“Our analysis shows that their van service delivers on that promise to protect the environment,” continued Larson. “It consumes less fuel and moves people around town inexpensively. Unfortunately, the van service is a miniscule portion of The Rapid system. Instead, The Rapid touts its hybrid buses which are still worse than SUVs because their average fuel mileage is only 0.68 mpg better than the conventional buses. As stewards of tax dollars, we can only hope The Rapid takes an inward look at its operations and rethinks the way it operates.”

The Rapid’s buses produced 25,079,872 pounds of carbon dioxide annually which was 40% more than if the people had been transported using passenger cars. Had all of those riders instead used passenger cars or SUVs, they would have produced 17,754,939 and 18,360,146 pounds of carbon dioxide respectively. Part of the explanation for the large discrepancy is the fact that automobiles’ fuel efficiency has improved dramatically over the last forty years while bus efficiency has actually diminished.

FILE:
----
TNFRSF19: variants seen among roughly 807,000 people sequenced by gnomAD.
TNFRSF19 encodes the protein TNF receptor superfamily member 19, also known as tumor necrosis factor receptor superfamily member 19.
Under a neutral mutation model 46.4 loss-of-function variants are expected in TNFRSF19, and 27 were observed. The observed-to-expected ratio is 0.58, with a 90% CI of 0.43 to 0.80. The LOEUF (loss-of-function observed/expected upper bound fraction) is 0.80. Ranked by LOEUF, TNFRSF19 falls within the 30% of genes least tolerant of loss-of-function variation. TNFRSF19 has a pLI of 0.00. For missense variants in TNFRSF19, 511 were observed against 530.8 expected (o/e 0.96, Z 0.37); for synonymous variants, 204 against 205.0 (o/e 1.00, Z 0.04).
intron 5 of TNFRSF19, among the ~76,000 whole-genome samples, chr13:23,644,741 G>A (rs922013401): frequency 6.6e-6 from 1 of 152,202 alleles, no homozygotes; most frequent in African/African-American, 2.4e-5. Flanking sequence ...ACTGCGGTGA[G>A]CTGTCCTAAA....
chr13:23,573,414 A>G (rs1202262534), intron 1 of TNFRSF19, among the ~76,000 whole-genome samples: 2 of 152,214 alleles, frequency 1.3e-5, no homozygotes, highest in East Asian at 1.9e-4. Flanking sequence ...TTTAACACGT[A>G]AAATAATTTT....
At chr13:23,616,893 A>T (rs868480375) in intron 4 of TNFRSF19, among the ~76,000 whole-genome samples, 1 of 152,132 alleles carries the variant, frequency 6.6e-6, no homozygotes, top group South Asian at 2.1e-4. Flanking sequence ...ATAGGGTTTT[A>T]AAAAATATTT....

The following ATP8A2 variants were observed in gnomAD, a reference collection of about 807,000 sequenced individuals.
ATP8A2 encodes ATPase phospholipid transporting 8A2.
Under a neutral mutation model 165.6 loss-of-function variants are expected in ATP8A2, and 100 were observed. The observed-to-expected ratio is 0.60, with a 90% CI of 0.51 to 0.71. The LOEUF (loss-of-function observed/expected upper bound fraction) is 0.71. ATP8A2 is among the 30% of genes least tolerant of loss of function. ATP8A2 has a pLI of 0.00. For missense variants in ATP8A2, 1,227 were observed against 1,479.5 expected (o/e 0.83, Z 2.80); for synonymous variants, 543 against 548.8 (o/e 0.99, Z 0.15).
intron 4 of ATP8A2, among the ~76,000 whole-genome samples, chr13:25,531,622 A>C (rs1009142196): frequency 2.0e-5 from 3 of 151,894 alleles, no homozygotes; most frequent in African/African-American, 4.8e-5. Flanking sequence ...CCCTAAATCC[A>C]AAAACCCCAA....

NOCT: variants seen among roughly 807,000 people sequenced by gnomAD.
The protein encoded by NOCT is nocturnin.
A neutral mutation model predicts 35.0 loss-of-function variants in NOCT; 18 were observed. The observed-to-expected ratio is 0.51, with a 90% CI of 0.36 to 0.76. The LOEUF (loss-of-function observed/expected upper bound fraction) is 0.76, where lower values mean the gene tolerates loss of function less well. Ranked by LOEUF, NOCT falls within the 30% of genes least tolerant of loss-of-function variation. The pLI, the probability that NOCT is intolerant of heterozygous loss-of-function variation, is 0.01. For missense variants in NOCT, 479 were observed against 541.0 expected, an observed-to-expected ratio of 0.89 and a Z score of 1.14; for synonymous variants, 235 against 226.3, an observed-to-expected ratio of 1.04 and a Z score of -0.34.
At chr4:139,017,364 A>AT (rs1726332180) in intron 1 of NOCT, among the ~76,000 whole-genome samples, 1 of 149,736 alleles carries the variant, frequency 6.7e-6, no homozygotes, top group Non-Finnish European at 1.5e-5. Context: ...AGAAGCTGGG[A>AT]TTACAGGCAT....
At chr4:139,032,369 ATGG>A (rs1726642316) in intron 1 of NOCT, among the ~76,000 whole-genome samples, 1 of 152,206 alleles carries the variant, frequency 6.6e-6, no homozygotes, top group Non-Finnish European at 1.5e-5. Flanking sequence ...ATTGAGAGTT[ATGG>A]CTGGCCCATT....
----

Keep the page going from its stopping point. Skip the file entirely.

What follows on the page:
To view the full report along with supporting calculations and links to source data, please see the posting at the ITP Watch web site.

Kent County Taxpayers Alliance Launches New “ITP Watch” Web Site

Today, the Kent County Taxpayers Alliance is launching a new project called ITP Watch. We aim to shine the light on the finances and operations of the Interurban Transit Partnership / The Rapid bus transit system. The ITP continues to lack transparency. ITP Watch will make available the information that ITP doesn’t want taxpayers to have access to: budgets, operational reports, and other data showing the lack of efficiency of The Rapid system.